Producer, Musician, Sound Design, Mixing Engineer, Mastering
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Interview with Kyle Panek
Q: What are you working on at the moment?
A: Currently working with a local artist on their debut album. Always in the process of working on newer music with my own band.
Q: Is there anyone on SoundBetter you know and would recommend to your clients?
A: Esjay Jones and Trey Vittetoe! Both awesome people to work with. Check them out!
Q: Analog or digital and why?
A: Both! Analog adds character, warmth, and energy to any given situation. Always fun to work with. I always try to keep the incoming signals analog before anything hits the computer. Digital is significantly easier to worth with, bypassing the need to use outboard gear. Especially in situations where you need to adjust or recall a client's past work. Have you ever had to recall the console settings on an SSL from an older project? oof
Q: What's your 'promise' to your clients?
A: The song will always be something you are happy with, as long as there is great communication and synergy between producer and client.
Q: What do you like most about your job?
A: Every day I encounter something new. Whether it's a new technique, running into a new problem to solve, or being introduced to someone. It's always a new opportunity to learn something and grow.
Q: What questions do customers most commonly ask you? What's your answer?
A: Most common is: "How much for ____" The answer always depends on the artist, not everyone has the same budge set aside, or the same needs. Just shoot me a message and we'll go from there :)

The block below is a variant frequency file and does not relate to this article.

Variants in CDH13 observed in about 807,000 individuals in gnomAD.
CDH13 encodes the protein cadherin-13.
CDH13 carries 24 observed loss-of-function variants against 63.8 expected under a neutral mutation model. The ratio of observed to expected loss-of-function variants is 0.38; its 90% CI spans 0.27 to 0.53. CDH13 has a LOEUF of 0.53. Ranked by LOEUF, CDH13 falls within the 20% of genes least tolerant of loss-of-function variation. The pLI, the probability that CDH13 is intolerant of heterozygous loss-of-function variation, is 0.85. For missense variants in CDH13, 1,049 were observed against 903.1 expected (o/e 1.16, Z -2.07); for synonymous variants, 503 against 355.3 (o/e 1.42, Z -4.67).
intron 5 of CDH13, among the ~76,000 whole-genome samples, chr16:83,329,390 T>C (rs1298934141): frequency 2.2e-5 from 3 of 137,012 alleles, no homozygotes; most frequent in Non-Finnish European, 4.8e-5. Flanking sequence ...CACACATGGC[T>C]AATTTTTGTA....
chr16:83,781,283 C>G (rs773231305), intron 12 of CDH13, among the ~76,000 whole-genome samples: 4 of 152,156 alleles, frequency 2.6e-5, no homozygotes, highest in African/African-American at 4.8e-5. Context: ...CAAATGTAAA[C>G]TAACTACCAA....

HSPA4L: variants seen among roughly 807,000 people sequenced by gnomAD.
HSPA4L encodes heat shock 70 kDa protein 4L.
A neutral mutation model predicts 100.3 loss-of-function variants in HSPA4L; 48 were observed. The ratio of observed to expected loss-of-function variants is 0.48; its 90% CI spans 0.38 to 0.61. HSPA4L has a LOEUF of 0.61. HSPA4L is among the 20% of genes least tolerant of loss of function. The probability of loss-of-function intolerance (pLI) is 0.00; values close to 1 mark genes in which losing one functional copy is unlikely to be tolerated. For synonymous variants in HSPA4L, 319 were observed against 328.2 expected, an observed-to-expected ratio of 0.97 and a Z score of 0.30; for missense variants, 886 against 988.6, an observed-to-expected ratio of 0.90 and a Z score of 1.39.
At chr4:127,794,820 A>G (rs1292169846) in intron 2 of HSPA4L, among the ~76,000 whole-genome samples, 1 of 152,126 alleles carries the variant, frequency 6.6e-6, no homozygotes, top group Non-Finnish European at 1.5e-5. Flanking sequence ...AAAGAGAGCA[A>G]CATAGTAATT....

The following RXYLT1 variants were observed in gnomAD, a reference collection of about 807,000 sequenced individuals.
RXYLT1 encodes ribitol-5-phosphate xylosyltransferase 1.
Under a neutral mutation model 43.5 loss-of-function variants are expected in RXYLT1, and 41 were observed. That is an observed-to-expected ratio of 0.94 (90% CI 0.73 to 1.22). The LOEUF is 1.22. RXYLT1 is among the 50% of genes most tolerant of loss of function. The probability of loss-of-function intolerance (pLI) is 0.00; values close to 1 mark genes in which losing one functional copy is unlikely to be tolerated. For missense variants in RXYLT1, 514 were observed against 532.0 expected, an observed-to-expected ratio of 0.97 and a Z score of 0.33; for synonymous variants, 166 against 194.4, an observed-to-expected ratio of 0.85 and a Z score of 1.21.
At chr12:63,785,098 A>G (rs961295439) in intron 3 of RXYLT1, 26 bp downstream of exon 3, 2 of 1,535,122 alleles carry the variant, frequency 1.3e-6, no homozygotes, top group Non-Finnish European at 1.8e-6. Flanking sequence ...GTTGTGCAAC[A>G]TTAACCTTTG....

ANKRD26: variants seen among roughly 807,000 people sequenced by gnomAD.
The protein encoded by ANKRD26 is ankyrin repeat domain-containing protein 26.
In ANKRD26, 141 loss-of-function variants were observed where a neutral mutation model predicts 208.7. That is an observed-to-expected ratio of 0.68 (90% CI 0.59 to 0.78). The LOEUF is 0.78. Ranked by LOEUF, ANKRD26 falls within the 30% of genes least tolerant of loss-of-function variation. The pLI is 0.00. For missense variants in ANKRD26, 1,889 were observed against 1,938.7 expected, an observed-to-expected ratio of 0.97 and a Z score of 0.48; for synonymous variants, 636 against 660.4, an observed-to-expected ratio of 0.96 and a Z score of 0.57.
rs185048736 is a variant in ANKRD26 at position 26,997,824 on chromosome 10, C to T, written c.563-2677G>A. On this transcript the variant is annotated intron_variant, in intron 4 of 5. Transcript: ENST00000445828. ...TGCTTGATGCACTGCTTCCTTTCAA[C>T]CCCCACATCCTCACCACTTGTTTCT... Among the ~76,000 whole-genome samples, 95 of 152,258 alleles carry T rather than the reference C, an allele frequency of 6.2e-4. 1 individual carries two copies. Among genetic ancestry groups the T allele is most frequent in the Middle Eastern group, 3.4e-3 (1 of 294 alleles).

Q: What's the biggest misconception about what you do?
A: I think the biggest misconception about producers is that they will guarantee you a hit or quick rise to success. Not even the best of us can guarantee that. What a good producer does, in the grand scheme of things, is help give you the push in the right direction, and offer advice. At the end of the day, the goal is to always produce the best song possible. However the rest is in the hands of the musician, with networking, promotion, and luck. Luck is just where talent, preparation, and opportunity meet.
Q: What questions do you ask prospective clients?
A: - Tell me what your budget is for this song - Provide a link to a listenable demo, - Describe your song in detail - Tell me the key and BPM. - Describe what you want it to develop into - List some of your influences
Q: What advice do you have for a customer looking to hire a provider like you?
A: Ask yourself what your song actually 'needs' help with, and separate that from what you personally 'want' out of it. Sometimes those are two very different things. Approach your collaborator with that mindset, and you'll always choose whats in your best interest.
Q: If you were on a desert island and could take just 5 pieces of gear, what would they be?
A: Assuming I have all the living essentials and electricity. Let's keep it simple and just say: - Acoustic guitar - Laptop - SM57 - XLR's - Audio Interface Why complicate your vacation? ;)
Q: What was your career path? How long have you been doing this?
A: I've been an active musician for over 15 years, and working as a Producer and Audio Engineer for decade. My background is in film and television production, and I tend to approach things with a cinematic approach, considering what applications your song might be used in.